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Use of second-person pronouns and schizophrenia

  • Andrew R. Watson (a1), Çaǧla Defteralı (a2), Thomas H. Bak (a2), Antonella Sorace (a2), Andrew M. McIntosh (a3), David G. C. Owens (a3), Eve C. Johnstone (a3) and Stephen M. Lawrie (a3)...

Summary

A masked analysis of videotaped assessments of people at high genetic risk of schizophrenia revealed that those who subsequently went on to develop schizophrenia used significantly more second-person pronouns. This was evident before diagnosis, at two separate assessments approximately 18 months apart. This supports the view that people who go on to develop schizophrenia may have an abnormality in the deictic frame of interpersonal communication – that is, the distinction between concepts being self-generated or from elsewhere may be blurred prior to the onset of a diagnosis of schizophrenia.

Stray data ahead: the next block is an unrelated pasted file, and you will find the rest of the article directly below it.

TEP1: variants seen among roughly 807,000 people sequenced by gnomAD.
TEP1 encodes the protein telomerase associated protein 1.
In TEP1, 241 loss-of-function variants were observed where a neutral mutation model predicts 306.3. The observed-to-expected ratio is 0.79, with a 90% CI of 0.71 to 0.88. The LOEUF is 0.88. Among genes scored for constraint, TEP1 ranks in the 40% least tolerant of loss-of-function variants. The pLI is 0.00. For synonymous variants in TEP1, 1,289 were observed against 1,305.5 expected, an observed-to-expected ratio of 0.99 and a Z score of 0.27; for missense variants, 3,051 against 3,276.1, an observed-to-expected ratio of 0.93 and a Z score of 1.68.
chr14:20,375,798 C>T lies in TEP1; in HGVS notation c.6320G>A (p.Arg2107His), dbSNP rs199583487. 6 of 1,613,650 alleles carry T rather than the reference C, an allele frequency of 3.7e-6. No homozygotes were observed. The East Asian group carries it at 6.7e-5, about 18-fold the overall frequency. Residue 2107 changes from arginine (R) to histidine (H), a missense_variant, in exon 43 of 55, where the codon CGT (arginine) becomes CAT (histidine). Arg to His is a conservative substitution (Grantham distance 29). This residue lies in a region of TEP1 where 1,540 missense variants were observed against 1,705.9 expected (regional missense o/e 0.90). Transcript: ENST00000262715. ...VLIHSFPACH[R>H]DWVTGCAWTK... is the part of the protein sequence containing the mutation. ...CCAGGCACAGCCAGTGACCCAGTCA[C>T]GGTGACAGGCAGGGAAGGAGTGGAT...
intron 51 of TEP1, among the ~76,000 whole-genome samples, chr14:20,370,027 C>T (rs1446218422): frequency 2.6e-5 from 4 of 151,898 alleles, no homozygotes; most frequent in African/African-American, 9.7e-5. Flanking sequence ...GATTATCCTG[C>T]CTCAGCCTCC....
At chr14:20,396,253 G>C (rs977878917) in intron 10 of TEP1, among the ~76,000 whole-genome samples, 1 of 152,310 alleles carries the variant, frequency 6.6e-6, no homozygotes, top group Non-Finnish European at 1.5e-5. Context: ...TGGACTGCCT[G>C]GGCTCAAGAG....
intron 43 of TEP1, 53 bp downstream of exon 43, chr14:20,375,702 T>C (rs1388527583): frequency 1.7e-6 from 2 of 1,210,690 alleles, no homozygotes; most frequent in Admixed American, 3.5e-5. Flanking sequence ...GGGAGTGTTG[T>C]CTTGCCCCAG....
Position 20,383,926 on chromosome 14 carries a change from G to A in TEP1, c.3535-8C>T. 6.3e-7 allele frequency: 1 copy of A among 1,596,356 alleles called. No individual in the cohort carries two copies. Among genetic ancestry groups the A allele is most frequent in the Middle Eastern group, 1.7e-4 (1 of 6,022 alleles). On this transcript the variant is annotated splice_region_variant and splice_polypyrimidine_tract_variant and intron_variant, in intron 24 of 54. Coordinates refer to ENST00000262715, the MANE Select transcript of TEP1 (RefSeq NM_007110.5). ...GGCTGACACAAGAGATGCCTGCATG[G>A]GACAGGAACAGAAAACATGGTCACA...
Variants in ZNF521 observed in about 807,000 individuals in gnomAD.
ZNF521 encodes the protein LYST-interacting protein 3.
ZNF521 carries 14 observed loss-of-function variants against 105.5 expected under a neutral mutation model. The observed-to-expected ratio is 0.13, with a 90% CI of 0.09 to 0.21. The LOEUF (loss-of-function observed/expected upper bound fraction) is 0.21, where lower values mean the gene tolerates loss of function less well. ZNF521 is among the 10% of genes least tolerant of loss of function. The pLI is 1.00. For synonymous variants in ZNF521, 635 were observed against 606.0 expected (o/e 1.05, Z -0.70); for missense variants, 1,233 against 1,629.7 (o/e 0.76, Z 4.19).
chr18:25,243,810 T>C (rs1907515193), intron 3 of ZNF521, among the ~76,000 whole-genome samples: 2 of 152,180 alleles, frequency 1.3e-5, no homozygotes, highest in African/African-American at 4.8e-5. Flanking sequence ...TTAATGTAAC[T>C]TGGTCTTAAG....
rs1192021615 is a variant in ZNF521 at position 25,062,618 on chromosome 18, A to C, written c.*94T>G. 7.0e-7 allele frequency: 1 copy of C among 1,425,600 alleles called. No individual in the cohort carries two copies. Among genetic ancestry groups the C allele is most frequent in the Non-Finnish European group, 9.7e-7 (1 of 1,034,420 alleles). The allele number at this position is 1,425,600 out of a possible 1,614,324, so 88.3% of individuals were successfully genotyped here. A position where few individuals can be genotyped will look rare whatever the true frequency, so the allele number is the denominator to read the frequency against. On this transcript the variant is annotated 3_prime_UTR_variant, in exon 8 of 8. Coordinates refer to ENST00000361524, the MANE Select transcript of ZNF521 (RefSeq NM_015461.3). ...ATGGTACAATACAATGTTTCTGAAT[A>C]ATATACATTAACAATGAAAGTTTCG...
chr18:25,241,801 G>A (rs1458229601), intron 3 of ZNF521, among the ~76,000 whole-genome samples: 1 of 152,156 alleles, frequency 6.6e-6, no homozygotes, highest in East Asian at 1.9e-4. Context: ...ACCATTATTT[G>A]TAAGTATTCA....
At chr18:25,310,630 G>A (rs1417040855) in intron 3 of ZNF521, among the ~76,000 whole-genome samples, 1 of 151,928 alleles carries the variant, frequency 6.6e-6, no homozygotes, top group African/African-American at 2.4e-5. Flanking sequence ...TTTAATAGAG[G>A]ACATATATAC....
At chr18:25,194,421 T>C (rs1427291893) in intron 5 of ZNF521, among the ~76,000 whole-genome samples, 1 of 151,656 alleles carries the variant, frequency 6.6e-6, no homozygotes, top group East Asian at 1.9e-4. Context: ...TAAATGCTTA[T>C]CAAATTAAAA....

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Copyright

Corresponding author

Dr Andrew Watson, Division of Psychiatry, University of Edinburgh, Kennedy Tower, Royal Edinburgh Hospital, Morningside Place, Edinburgh EH10 5HF, UK. Email: awatson3@nhs.net

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Declaration of interest

None.

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References

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Use of second-person pronouns and schizophrenia

  • Andrew R. Watson (a1), Çaǧla Defteralı (a2), Thomas H. Bak (a2), Antonella Sorace (a2), Andrew M. McIntosh (a3), David G. C. Owens (a3), Eve C. Johnstone (a3) and Stephen M. Lawrie (a3)...
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